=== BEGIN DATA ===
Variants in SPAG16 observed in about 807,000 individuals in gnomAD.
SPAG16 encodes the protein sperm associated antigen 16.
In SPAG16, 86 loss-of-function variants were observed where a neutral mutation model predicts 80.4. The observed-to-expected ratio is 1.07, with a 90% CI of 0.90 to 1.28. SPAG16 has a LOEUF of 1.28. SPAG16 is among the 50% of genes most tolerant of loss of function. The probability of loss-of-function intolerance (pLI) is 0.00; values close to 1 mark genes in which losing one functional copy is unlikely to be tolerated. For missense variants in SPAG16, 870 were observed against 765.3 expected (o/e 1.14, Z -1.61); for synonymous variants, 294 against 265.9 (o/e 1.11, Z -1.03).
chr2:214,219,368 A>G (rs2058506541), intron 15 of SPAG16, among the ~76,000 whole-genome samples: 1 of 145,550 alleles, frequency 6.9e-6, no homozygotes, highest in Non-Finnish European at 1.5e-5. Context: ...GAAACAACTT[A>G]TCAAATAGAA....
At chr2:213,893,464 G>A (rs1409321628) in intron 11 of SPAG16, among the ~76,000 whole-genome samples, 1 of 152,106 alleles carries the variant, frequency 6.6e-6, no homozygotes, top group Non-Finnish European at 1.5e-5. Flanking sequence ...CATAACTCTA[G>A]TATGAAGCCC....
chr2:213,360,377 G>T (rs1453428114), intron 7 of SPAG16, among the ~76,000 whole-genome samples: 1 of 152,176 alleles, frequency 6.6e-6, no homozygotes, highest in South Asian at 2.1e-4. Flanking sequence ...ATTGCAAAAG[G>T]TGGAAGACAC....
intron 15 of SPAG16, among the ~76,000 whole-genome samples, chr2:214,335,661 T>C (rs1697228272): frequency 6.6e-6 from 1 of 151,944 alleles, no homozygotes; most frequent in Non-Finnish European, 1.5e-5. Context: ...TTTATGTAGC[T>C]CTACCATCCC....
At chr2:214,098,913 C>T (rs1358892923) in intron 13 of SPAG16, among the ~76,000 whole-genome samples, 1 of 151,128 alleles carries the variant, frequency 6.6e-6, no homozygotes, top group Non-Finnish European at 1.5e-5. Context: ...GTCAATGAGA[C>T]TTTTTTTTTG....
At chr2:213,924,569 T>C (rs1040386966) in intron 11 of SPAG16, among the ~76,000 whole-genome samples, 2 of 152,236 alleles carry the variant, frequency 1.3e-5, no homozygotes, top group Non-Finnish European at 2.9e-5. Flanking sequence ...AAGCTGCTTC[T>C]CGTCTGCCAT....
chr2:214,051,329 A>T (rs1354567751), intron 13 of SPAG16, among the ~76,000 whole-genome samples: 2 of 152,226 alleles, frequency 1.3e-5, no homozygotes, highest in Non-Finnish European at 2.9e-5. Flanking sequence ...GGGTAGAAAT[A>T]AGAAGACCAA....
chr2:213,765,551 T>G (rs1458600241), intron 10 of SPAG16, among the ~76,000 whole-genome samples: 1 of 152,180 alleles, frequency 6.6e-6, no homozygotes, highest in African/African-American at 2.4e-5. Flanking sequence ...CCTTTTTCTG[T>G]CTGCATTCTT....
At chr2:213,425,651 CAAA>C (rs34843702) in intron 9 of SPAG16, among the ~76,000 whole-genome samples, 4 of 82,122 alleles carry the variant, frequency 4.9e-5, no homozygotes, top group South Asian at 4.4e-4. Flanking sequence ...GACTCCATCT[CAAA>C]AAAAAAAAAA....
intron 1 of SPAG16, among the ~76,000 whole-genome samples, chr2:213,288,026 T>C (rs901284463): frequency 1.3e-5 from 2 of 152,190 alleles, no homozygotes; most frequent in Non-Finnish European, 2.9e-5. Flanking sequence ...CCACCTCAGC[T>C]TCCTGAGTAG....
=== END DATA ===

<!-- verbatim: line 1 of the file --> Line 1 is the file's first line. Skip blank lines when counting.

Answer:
Variants in SPAG16 observed in about 807,000 individuals in gnomAD.